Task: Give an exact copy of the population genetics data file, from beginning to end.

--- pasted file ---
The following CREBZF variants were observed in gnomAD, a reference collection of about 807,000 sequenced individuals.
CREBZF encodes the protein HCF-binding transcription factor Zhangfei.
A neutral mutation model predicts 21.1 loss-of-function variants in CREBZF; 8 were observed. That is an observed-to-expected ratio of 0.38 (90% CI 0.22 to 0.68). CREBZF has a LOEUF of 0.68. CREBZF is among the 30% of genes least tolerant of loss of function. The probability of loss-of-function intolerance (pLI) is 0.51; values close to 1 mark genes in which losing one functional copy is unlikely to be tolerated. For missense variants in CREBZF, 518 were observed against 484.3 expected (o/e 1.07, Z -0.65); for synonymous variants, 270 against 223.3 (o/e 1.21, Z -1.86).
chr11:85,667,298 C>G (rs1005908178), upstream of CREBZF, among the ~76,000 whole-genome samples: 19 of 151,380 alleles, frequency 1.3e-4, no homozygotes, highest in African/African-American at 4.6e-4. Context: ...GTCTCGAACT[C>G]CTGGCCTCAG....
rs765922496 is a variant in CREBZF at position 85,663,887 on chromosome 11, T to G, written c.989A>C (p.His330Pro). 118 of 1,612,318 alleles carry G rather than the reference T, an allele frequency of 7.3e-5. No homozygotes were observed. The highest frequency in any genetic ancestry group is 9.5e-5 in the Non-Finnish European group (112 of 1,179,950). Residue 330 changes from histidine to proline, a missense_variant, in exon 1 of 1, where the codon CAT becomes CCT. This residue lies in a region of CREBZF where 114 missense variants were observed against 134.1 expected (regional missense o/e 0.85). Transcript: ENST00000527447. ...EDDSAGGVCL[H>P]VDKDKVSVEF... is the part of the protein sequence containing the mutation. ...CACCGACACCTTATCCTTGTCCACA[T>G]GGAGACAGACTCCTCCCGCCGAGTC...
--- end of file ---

The following CREBZF variants were observed in gnomAD, a reference collection of about 807,000 sequenced individuals.
CREBZF encodes the protein HCF-binding transcription factor Zhangfei.
A neutral mutation model predicts 21.1 loss-of-function variants in CREBZF; 8 were observed. That is an observed-to-expected ratio of 0.38 (90% CI 0.22 to 0.68). CREBZF has a LOEUF of 0.68. CREBZF is among the 30% of genes least tolerant of loss of function. The probability of loss-of-function intolerance (pLI) is 0.51; values close to 1 mark genes in which losing one functional copy is unlikely to be tolerated. For missense variants in CREBZF, 518 were observed against 484.3 expected (o/e 1.07, Z -0.65); for synonymous variants, 270 against 223.3 (o/e 1.21, Z -1.86).
chr11:85,667,298 C>G (rs1005908178), upstream of CREBZF, among the ~76,000 whole-genome samples: 19 of 151,380 alleles, frequency 1.3e-4, no homozygotes, highest in African/African-American at 4.6e-4. Context: ...GTCTCGAACT[C>G]CTGGCCTCAG....
rs765922496 is a variant in CREBZF at position 85,663,887 on chromosome 11, T to G, written c.989A>C (p.His330Pro). 118 of 1,612,318 alleles carry G rather than the reference T, an allele frequency of 7.3e-5. No homozygotes were observed. The highest frequency in any genetic ancestry group is 9.5e-5 in the Non-Finnish European group (112 of 1,179,950). Residue 330 changes from histidine to proline, a missense_variant, in exon 1 of 1, where the codon CAT becomes CCT. This residue lies in a region of CREBZF where 114 missense variants were observed against 134.1 expected (regional missense o/e 0.85). Transcript: ENST00000527447. ...EDDSAGGVCL[H>P]VDKDKVSVEF... is the part of the protein sequence containing the mutation. ...CACCGACACCTTATCCTTGTCCACA[T>G]GGAGACAGACTCCTCCCGCCGAGTC...